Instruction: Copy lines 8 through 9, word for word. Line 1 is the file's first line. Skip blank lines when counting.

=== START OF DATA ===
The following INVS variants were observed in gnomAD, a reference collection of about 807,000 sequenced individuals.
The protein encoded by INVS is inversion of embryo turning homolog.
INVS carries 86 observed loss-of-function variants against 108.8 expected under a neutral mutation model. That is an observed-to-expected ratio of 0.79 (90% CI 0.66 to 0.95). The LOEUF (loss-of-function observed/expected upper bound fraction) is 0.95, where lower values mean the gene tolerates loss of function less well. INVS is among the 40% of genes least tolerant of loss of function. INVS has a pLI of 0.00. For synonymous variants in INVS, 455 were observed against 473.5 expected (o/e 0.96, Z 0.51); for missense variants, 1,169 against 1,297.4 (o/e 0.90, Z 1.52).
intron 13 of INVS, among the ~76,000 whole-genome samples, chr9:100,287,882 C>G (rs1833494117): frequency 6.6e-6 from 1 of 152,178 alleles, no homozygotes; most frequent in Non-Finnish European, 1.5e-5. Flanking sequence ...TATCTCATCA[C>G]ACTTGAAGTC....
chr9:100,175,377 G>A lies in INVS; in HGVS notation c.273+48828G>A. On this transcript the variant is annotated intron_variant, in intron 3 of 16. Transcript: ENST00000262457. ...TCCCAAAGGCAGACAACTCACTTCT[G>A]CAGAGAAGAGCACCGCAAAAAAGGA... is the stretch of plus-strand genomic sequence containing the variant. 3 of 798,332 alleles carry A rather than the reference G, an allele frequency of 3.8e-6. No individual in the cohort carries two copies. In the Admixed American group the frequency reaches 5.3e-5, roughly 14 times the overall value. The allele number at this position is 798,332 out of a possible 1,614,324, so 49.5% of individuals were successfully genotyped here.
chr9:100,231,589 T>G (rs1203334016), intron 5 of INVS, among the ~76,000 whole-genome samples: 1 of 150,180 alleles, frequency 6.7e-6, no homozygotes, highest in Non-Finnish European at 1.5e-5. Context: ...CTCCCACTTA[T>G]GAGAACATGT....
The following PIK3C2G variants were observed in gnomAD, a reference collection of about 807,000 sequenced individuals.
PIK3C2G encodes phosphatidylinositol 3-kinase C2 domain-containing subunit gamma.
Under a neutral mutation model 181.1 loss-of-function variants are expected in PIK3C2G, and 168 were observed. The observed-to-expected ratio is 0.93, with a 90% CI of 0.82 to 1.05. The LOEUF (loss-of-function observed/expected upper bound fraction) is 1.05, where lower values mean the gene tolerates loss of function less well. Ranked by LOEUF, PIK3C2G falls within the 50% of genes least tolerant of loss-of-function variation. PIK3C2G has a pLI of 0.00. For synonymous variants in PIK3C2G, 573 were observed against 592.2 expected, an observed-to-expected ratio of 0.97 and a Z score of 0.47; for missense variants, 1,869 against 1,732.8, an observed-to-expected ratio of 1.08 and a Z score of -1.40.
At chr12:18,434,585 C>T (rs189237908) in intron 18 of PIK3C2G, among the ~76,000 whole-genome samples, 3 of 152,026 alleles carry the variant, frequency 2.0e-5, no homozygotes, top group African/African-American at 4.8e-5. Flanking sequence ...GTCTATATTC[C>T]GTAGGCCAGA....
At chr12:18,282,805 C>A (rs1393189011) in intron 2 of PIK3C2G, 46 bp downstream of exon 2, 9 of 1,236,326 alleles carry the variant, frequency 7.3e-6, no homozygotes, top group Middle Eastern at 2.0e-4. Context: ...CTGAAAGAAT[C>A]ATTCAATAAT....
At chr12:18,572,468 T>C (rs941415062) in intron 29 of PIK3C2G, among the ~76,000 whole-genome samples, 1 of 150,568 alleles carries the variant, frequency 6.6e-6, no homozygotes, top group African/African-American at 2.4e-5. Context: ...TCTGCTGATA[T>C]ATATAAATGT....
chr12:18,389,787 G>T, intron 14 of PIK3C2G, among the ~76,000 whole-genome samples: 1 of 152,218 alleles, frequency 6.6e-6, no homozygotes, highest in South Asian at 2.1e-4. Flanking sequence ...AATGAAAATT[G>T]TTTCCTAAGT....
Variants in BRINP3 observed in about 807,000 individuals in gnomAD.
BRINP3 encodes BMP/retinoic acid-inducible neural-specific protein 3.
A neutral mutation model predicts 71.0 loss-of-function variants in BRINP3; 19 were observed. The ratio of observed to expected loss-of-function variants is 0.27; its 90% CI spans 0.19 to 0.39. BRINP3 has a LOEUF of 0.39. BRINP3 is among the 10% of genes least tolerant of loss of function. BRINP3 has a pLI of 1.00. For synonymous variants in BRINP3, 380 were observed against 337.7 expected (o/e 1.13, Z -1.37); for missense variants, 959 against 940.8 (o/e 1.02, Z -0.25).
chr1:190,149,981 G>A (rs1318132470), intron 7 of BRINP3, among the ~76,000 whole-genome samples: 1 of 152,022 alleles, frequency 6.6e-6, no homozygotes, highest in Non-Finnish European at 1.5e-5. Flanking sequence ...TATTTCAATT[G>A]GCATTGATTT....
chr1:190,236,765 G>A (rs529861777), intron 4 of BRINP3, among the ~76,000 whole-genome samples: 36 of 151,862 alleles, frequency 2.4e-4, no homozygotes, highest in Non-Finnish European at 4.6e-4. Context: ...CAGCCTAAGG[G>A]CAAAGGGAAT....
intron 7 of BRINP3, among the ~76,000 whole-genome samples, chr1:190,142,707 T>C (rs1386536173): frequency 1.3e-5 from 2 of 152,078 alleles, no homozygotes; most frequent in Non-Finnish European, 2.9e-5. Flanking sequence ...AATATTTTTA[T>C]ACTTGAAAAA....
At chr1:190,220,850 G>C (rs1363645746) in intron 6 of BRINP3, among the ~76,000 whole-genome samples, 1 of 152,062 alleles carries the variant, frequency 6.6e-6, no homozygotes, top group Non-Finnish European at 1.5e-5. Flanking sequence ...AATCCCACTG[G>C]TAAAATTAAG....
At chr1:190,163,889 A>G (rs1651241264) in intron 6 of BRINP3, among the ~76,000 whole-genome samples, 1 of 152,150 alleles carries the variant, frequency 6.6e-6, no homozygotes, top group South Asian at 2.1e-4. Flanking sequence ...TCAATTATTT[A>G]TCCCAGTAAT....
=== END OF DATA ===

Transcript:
PIK3C2G encodes phosphatidylinositol 3-kinase C2 domain-containing subunit gamma.
Under a neutral mutation model 181.1 loss-of-function variants are expected in PIK3C2G, and 168 were observed. The observed-to-expected ratio is 0.93, with a 90% CI of 0.82 to 1.05. The LOEUF (loss-of-function observed/expected upper bound fraction) is 1.05, where lower values mean the gene tolerates loss of function less well. Ranked by LOEUF, PIK3C2G falls within the 50% of genes least tolerant of loss-of-function variation. PIK3C2G has a pLI of 0.00. For synonymous variants in PIK3C2G, 573 were observed against 592.2 expected, an observed-to-expected ratio of 0.97 and a Z score of 0.47; for missense variants, 1,869 against 1,732.8, an observed-to-expected ratio of 1.08 and a Z score of -1.40.